In the ‘ma’abara’, but outside the big tent



Where have all the Limmudniks gone? (Photo: Ashley Perry)

It was standing room only when Aisha and Nadia, two Syrian refugees in hijabs, told their story to an earnest crowd of Limmudniks at the annual conference in Birmingham this week.

Tuesday was Refugee Day at Limmud.  The almost 3, 000 attendees  were offered a rich diet of presentations that day. Every aspect of the Syrian refugee crisis was examined, while Limmudniks salved their liberal consciences with a focus on social action, the importance of interfaith relations and the dangers of islamophobia .

In complete contrast, only four brave souls came to a session by Harif, which represents Jews from the Middle East and North Africa in the UK.  The session on ‘How Jewish Refugees can help reframe the Israel debate’ vied for attention with 29 other presentations, including a session on Ladino music. Competition was just too stiff.

The Harif presentation had been consigned to the lunch marquee erected outside the main building. Tomato soup had been splashed onto the floor. Our four stalwarts, surrounded by large empty vats and trestle tables strewn with crumbs, kept their coats on in the draft. Young Limmudniks drifted in and out looking for a last sandwich.They promptly left again, dashing our forlorn hopes that they might stay on to swell our paltry numbers and learn something about Jewish refugees.

Whether by accident or by design, the marquee replicated the conditions that 650, 000 Jewish refugees experienced when they first arrived in Israel in the 1950s. These had been housed in transit camps or ma’abarot, makeshift tents or huts with no heating in winter and not enough food.

While it would be unfair to blame the Limmud programmers for Harif’s poor showing – they did allow this and subsequent Harif sessions to take place and did their best to accommodate us  – it is nevertheless disappointing that so few Limmudniks turned up to hear about Jewish refugees. The Jewish refugees are patently  ‘outside the big tent’ of universalist Ashkenazi concerns.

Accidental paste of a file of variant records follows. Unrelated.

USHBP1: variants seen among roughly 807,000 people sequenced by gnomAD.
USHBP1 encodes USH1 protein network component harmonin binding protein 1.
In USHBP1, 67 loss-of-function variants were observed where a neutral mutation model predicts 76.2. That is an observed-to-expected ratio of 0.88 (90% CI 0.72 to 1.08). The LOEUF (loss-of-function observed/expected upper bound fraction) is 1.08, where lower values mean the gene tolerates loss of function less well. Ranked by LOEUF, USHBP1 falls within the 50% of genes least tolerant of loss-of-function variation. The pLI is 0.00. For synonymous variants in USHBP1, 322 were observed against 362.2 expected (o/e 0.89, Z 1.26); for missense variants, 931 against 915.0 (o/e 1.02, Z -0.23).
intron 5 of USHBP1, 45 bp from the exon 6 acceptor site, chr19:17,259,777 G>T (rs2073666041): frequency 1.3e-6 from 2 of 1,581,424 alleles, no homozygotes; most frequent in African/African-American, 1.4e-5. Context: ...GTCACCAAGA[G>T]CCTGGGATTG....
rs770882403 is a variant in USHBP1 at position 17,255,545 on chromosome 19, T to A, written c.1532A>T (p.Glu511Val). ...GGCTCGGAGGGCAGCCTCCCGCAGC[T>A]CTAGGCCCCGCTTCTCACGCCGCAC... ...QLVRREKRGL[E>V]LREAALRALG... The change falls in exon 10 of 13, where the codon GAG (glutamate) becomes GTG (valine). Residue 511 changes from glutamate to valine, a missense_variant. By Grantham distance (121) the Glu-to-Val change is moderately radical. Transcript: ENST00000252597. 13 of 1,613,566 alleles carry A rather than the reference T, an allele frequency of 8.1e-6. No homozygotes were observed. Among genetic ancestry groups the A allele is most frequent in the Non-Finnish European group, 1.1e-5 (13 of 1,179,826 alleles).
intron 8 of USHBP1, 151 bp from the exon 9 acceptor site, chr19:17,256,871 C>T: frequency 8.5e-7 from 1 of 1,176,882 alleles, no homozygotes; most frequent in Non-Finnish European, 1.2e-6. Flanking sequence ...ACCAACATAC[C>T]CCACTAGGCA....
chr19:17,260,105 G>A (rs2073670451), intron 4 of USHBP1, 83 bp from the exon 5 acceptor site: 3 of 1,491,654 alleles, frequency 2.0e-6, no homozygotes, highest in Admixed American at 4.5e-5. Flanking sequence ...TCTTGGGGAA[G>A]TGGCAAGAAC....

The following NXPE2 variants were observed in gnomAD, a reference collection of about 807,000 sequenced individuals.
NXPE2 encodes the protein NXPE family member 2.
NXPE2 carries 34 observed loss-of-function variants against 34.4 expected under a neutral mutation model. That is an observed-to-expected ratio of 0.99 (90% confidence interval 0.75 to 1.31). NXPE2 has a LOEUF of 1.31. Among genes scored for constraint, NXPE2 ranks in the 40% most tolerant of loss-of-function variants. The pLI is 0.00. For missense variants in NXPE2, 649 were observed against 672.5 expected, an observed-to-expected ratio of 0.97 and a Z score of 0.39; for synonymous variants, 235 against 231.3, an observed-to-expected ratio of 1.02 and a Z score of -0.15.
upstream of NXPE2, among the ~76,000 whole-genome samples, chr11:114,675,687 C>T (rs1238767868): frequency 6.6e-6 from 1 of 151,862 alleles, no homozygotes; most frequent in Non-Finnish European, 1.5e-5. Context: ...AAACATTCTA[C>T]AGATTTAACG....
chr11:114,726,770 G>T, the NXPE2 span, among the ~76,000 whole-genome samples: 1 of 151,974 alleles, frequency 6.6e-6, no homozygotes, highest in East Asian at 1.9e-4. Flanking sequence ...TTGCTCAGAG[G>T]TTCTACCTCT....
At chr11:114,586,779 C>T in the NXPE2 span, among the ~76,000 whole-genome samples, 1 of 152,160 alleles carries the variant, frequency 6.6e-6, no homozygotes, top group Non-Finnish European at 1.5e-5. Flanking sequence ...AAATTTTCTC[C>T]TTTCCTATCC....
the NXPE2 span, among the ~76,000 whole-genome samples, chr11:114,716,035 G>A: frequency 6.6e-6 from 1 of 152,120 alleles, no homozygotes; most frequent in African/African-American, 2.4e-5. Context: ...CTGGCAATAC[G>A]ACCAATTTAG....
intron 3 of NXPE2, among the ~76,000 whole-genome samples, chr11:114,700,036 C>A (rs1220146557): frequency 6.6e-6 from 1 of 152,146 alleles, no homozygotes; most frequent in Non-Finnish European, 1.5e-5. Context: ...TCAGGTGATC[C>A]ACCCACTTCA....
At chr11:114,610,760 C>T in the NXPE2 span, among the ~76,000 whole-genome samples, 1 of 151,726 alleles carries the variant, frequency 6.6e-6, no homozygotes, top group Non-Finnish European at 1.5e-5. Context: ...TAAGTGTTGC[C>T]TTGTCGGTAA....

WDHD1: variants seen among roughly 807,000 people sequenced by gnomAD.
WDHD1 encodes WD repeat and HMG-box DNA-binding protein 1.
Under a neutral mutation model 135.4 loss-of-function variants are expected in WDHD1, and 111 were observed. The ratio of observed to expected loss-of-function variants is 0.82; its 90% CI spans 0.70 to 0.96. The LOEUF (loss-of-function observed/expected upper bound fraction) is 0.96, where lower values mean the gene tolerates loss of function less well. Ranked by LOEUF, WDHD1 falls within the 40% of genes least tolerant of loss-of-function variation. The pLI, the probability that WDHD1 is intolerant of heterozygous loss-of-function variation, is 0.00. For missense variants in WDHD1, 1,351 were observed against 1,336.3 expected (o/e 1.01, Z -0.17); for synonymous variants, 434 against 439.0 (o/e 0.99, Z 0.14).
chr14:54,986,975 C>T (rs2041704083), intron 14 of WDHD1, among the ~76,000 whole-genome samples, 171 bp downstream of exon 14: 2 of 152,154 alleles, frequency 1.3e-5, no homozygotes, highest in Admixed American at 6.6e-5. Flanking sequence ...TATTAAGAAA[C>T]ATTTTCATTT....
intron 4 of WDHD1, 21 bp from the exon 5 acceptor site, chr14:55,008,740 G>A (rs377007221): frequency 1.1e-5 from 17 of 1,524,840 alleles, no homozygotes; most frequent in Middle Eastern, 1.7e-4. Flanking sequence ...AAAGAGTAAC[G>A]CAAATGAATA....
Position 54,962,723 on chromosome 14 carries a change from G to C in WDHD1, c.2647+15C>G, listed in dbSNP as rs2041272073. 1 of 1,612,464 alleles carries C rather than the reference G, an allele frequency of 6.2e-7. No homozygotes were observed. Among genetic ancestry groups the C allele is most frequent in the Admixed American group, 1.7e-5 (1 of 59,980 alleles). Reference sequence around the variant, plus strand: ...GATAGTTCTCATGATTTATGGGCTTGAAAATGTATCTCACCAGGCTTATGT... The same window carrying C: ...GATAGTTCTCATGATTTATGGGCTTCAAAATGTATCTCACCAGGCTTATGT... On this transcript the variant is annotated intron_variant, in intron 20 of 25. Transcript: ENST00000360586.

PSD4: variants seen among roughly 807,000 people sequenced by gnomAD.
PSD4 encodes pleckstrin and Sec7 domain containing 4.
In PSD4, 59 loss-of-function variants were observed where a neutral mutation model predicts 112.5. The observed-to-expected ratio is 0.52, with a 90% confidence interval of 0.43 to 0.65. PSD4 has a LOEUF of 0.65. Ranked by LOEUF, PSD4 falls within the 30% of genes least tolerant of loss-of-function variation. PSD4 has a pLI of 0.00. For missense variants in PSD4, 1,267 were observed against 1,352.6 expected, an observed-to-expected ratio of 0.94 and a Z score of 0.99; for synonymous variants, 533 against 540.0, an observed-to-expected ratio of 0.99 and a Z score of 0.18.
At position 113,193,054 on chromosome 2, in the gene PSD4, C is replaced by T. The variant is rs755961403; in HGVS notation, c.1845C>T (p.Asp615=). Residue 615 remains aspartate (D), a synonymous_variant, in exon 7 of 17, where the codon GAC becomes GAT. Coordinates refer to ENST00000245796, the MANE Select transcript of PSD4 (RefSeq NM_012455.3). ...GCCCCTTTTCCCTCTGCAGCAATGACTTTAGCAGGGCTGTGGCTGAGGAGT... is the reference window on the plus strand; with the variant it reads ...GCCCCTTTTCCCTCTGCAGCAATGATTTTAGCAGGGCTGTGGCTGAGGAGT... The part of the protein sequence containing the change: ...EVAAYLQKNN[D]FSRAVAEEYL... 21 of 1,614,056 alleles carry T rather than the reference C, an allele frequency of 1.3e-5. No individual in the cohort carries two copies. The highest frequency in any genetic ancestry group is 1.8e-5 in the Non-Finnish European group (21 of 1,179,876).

It is a safe bet that the 100-plus Limmudniks who flocked to hear Aisha and Nadia did not have a clue that 38, 000 Jews had also been displaced from Syria in the last fifty years. Did they know that a larger number of Jews had been uprooted than Palestinian refugees? That almost a million Jewish refugees from the Arab world had been denied recognition and compensation? That their flight has crucial ramifications for peace and the struggle against Israel’s delegitimisation?

Did they care?

Jews seem always keen to burnish their universalist credentials, while remaining indifferent to the travails of their own people.

This disappointing lack of awareness, especially among the young, presents a challenge to Harif. Although the audiences were bigger for its later sessions, few were under fifty years old.

A visitor to Limmud from Israel, Ashley Perry, the architect of the Jewish refugee awareness campaign when he was adviser to the deputy foreign minister Danny Ayalon,  took away this lesson:  Our challenge is to educate our own Jewish community on this issue – before we can hope to reach the outside world, ” he said.

About the Author
Lyn Julius is a journalist and co-founder of Harif, an association of Jews from the Middle East and North Africa in the UK. She is the author of 'Uprooted: How 3,000 years of Jewish Civilisation in the Arab world vanished overnight.' (Vallentine Mitchell)